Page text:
The History of the Evolving Business Cards
Jessica Miller-Merrell | Business, Career, Job Search, Social Media| By
From Calling Cards to Virtual Business Cards; the Business Card Goes Techincal
Your business card is an important part of you and your online branding effort, an essential part of the business networking process and information sharing in the digital age. A good business card can say a great deal about you above and beyond the basic website and contact information. Done correctly a business card can to elevate your status and make you memorable with whomever you come into contact with.
The History of Business Cards: When Businessmen had Calling Cards
The first recorded use of business cards dates back to the 15th century in China seen as a visiting card or calling card among business men. While in Europe, this calling card was introduced in the 17th Century and was used as a form of advertising for trade merchants that often included a map and directions of where the vendor’s product or service cart was located. As printing became more popular in the 1800′s the business card finally reached the United States, quickly becoming a popular form of advertising and networking among businessmen and the public.
And Calling Cards Were Social
As the business card gained in popularity, there became two distinct types of uses: visiting cards and business cards. In the 19th Century in the United States, visiting cards were used primarily by individuals as a way to establish social obligations. A stack of cards would be housed in the hallway and became a catalogue of visitors as an early form of “While You Were Out” phone messaging that we are familiar with today. Business cards were widespread among men and women and across classes. People were looked up on in poor taste if they visited or attended an event or made a social call without one.
Virtual Business Cards in the Digital Age
As our lives have become more virtual and networked based, our vision and idea of the business card has continued to evolve. The traditional paper business card still holds true but the rise in popularity of iPhones and mobile devices has changed the way in which we exchange our contact information.
Popular iPhone virtual business card applications like Hoccer, Bump, and others have begun to take the place of the traditional business card.
- Hoccer. A free downloadable iPhone application offers the ability to exchange your contact information with a simple throwing gesture. The application must be opened by both parties who must complete a throwing motion to exchange their information. Bump. With over 10 million downloads, Bump is one of the most popular iPhone contact exchange applications. Two people open the application and bump their iPhones with their hands. After only a short setup, all your contact information is easily transferred.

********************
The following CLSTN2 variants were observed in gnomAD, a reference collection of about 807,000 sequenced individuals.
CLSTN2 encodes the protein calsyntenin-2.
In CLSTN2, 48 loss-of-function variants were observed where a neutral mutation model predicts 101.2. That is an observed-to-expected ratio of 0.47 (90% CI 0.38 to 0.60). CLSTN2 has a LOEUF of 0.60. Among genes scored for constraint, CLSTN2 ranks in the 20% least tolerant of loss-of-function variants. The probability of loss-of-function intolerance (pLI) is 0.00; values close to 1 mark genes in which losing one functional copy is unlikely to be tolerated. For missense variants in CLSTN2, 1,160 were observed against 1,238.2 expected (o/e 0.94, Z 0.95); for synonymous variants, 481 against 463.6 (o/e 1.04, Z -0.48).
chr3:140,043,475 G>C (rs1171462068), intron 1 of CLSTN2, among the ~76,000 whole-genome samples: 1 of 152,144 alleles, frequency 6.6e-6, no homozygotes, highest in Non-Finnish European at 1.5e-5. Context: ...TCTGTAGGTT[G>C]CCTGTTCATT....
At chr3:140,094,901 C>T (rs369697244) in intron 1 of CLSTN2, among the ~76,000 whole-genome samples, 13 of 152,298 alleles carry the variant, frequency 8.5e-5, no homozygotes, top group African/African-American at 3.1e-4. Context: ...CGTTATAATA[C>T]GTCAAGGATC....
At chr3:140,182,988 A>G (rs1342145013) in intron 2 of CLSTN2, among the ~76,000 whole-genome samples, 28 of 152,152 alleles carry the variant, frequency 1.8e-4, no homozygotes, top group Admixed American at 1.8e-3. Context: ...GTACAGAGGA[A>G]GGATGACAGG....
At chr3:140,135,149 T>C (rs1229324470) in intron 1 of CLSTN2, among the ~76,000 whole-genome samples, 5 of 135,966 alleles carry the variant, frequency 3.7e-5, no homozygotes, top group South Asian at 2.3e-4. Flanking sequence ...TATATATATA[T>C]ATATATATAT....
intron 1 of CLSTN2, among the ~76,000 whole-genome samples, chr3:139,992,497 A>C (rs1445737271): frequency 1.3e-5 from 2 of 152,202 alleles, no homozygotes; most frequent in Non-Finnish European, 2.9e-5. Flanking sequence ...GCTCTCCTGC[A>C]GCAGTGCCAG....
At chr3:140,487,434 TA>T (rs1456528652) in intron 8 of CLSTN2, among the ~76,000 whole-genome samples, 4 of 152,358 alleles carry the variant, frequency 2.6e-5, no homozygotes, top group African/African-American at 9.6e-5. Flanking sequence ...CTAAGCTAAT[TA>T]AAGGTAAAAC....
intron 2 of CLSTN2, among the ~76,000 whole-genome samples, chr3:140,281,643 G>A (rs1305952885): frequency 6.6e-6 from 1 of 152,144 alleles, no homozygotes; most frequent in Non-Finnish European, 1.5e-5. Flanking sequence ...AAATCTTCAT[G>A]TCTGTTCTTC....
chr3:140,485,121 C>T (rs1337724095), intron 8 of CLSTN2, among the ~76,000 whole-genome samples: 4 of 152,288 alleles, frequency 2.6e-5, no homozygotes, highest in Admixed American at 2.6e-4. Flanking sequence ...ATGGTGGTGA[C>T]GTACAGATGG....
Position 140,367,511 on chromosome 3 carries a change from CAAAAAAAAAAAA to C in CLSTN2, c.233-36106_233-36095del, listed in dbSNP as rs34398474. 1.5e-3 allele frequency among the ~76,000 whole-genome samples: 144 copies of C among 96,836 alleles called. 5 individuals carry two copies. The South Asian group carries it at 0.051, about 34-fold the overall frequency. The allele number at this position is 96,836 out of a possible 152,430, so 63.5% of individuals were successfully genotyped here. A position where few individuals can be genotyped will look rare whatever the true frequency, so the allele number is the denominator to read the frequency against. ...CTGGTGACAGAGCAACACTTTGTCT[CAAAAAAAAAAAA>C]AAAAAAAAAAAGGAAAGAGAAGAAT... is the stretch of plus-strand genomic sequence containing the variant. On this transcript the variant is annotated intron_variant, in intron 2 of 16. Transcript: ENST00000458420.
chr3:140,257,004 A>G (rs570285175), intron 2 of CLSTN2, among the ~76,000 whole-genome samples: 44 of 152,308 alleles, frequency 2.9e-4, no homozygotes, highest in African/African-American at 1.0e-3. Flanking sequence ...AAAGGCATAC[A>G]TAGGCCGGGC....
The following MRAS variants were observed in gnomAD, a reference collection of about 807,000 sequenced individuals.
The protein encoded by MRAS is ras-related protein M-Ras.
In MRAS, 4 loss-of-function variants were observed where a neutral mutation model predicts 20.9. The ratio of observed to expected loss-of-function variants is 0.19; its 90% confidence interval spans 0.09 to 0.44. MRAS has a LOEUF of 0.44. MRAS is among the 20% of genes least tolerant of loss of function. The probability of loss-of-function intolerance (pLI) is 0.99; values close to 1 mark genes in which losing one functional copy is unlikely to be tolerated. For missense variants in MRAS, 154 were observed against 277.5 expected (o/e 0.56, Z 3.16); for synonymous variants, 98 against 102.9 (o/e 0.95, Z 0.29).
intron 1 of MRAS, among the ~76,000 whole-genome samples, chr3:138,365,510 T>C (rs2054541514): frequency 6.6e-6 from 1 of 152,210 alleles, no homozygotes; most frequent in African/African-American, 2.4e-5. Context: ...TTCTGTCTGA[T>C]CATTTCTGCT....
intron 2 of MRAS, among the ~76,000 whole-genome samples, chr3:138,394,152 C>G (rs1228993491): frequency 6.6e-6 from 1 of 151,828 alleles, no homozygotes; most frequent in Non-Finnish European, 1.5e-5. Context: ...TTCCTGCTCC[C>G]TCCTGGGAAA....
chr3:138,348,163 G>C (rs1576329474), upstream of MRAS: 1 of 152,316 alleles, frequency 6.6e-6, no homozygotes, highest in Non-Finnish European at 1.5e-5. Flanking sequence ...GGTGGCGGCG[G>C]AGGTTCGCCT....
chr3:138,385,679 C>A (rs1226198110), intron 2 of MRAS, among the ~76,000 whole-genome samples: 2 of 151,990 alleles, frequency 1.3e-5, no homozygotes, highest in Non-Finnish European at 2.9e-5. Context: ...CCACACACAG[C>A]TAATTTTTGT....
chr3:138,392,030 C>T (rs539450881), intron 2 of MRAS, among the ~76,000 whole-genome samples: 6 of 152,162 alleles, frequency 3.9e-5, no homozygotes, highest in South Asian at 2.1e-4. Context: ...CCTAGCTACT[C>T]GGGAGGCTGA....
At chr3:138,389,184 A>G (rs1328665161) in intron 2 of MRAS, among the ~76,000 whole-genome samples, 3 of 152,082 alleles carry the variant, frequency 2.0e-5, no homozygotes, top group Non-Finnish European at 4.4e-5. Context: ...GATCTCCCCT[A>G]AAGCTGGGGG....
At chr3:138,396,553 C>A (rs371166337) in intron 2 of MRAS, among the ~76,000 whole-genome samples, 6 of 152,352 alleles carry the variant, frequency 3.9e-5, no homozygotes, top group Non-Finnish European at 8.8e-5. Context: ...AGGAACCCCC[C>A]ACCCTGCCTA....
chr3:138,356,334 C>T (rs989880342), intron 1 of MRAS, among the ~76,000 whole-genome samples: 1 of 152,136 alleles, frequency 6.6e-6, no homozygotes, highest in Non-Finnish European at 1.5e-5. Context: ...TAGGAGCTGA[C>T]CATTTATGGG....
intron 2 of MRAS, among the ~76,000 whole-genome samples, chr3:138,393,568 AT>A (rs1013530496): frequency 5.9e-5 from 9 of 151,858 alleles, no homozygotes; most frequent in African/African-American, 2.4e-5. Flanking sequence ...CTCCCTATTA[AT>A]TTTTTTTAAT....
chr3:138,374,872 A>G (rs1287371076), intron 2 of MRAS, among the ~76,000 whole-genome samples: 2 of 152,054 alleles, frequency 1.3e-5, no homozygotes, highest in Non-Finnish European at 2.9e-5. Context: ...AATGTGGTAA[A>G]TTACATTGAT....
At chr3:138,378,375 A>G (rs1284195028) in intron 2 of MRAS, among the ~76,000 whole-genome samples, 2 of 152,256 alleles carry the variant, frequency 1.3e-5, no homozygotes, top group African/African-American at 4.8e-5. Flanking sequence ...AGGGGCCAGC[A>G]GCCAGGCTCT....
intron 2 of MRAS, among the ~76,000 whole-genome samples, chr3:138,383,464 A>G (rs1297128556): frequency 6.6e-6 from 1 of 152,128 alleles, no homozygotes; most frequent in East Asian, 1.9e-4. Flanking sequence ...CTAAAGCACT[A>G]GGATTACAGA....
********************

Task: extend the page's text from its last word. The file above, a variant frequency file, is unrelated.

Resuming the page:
- LinkedIn. With their most recent iPhone upgrade, LinkedIn now offers a contact information transfer service. Both parties must have their bluetooth activated on their iPhone in order to exchange their contact information. While in London, I was able to quickly exchange contact information by just sitting next to someone during a conference or dinner.
More Ways to Share Business Cards Information: Virtually
For non-iPhone users there are also alternatives to exchanging virtual contact information without the card stock as well.
- Business Card Readers. Blackberry and iPhone users can use a data capture application that takes a picture or scans the business card right from your mobile device. Another great application for this and other data capture purposes is Ever Note.
- SnapDat. Create and exchange a virtual business card online with anyone. In a matter of minutes, you can create a very professional business card to exchange on social media networks and other online communities.
- Pokens. Pokens are another virtual business card. Really they are the social business card, and aren’t we all about social these days? After selecting a poken and setting it up, you are able to quickly exchange contact information with other poken users quickly and are able to upload the contact information by inserting the USB from the poken into your computer. These are great for large events and conferences where you can connect with a large number of people very quickly.
Bottom line, as everthing eveloves in the digital age, business cards have had to change as well. Virtual cards, business card readers and skanners are only one step in the ever changing history of the business card.
Sharlyn Lauby says
Thanks for the link luv – most appreciated! I’m intrigued by the Poken. Got one as a birthday gift…but I haven’t found anyone else who has one.
Thank you for the mention and link, we were honored to be part of the Tweet This! Launch Party.
John (8BIT) says
have you seen this?